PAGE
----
Advertisement

pp 1-11 | Cite as

Burden of Illness in Acid Sphingomyelinase Deficiency: A Retrospective Chart Review of 100 Patients

  • Gerald F. Cox
  • Lorne A. Clarke
  • Roberto Giugliani
  • Margaret M. McGovern
Research Report
Part of the JIMD Reports book series

Abstract

Acid sphingomyelinase deficiency (ASMD) is a rare, progressive, and often fatal lysosomal storage disease caused by the deficiency of the enzyme acid sphingomyelinase (ASM) resulting in accumulation of sphingomyelin in target tissues. Little is known regarding predictors of disease-related morbidity, healthcare use, and lifestyle impact in adults with chronic disease. A multinational retrospective study collected data on the burden of illness and healthcare resource use for 100 patients across the clinical spectrum of ASMD, including those with rapidly progressive infantile neurovisceral disease (n = 13) and those with the more slowly progressive chronic neurovisceral (n = 6) and chronic visceral (n = 81) disease. Growth was subnormal throughout childhood for all patients with chronic neurovisceral disease and for 50% of patients with chronic visceral disease. Developmental delay, regression, and/or learning disabilities were reported in 40% of patients with chronic neurovisceral ASMD and 21% of patients with chronic visceral ASMD. Outpatient therapy or home healthcare was required for 50% of patients with chronic neurovisceral disease and 12% of patients with chronic visceral disease. Disease-related disability for patients with chronic disease resulted in need for home schooling for 16% of patients and compromised work ability for 22% of patients. Grade school was the highest level of education for 22% of patients older than 13 years of age.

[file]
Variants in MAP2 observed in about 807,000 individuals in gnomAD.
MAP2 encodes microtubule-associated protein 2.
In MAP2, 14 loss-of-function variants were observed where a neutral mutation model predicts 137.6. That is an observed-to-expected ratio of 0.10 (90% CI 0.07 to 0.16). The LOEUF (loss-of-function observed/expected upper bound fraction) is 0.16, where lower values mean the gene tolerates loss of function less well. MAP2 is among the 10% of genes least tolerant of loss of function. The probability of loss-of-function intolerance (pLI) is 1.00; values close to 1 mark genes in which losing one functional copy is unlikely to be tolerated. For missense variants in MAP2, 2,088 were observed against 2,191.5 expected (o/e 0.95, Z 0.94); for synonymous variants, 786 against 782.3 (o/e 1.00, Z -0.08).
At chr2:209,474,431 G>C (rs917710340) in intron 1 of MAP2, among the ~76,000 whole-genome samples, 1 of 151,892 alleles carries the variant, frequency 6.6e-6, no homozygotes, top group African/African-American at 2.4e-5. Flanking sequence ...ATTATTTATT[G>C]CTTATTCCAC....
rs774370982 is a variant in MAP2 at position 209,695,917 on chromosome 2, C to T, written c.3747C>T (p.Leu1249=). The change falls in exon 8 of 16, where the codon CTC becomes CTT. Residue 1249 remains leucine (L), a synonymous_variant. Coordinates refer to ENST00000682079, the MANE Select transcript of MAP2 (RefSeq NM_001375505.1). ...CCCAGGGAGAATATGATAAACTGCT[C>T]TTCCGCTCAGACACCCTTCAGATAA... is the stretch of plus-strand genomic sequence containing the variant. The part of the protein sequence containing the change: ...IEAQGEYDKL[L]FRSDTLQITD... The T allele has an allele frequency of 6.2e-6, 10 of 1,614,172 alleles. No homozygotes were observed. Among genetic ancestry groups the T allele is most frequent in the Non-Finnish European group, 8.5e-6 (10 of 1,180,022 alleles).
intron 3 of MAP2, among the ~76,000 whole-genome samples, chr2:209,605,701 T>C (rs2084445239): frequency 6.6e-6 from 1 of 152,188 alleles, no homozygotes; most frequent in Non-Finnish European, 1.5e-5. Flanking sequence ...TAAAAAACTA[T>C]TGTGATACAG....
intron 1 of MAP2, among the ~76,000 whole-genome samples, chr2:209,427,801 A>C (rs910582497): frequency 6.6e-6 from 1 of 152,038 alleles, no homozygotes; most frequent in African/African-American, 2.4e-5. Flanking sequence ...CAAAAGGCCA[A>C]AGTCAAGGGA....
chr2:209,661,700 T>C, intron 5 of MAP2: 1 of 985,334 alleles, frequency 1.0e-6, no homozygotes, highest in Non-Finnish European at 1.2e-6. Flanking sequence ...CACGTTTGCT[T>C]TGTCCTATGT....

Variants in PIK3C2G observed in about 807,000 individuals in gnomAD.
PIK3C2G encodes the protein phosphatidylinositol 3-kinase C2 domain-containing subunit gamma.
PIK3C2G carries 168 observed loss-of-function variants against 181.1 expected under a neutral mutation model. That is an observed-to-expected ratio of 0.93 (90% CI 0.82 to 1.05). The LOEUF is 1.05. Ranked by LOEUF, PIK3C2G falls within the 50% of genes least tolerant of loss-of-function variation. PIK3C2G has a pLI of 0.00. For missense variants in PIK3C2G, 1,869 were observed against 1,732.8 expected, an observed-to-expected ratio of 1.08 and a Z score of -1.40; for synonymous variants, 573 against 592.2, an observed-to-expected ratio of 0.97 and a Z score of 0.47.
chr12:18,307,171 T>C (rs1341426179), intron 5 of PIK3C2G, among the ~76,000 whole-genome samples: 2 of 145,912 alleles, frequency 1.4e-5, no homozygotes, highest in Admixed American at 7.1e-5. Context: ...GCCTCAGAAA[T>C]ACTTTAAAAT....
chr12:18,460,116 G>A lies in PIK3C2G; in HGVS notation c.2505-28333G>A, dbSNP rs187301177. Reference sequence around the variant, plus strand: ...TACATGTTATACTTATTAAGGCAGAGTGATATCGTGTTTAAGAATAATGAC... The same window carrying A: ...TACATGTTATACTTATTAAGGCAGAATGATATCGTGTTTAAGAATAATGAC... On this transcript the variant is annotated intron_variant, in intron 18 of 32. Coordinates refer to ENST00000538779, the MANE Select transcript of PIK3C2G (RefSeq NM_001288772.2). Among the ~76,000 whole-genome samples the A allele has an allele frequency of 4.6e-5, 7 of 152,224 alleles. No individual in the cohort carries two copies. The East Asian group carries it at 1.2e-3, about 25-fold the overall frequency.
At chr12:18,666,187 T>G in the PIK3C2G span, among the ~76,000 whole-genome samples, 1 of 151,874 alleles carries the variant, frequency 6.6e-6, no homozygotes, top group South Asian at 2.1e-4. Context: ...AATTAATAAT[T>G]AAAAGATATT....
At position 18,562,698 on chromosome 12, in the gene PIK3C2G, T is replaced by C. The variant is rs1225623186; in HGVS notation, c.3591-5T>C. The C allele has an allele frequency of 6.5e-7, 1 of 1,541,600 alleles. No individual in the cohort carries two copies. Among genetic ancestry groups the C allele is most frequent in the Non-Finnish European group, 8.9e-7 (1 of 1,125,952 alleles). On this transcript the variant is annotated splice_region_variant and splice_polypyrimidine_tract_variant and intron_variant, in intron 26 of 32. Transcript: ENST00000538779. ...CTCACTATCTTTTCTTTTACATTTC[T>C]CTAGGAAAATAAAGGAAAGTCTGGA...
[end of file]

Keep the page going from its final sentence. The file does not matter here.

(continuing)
Keywords

Acid sphingomyelinase deficiency Burden of illness Disease manifestations Lysosomal storage disorder Natural history Niemann-Pick disease types A and B 

Notes

Acknowledgments

The authors thank the patients and their families for participating in this study and Dr. Joseph Clarke, University of Toronto, Canada, for contributing patient data.

Funding for this study was provided by Sanofi Genzyme. Patrice C Ferriola, PhD (KZE PharmAssociates, LLC, Chapel Hill NC) provided assistance in preparation of the manuscript and was funded by Sanofi Genzyme.

References

  1. Arends M, Hollak CE, Biegstraaten M (2015) Quality of life in patients with Fabry disease: a systematic review of the literature. Orphanet J Rare Dis 10:77Google Scholar
  2. Cassiman D, Packman S, Bembi B et al (2016) Cause of death in patients with chronic visceral and chronic neurovisceral acid sphingomyelinase deficiency (Niemann-Pick disease type B and B variant): literature review and report of new cases. Mol Genet Metab 118(3):206–213Google Scholar
  3. Cortiella C, Horowitz S (2014) The state of learning disabilities: facts, trends, and emerging issues, 3rd edn. National Center for Learning Disabilities, New YorkGoogle Scholar
  4. Guffon N, Heron B, Chabrol B, Feillet F, Montauban V, Valayannopoulos V (2015) Diagnosis, quality of life, and treatment of patients with Hunter syndrome in the French healthcare system: a retrospective observational study. Orphanet J Rare Dis 10:43Google Scholar
  5. Hollak CE, de Sonnaville ES, Cassiman D et al (2012) Acid sphingomyelinase (Asm) deficiency patients in The Netherlands and Belgium: disease spectrum and natural course in attenuated patients. Mol Genet Metab 107(3):526–533Google Scholar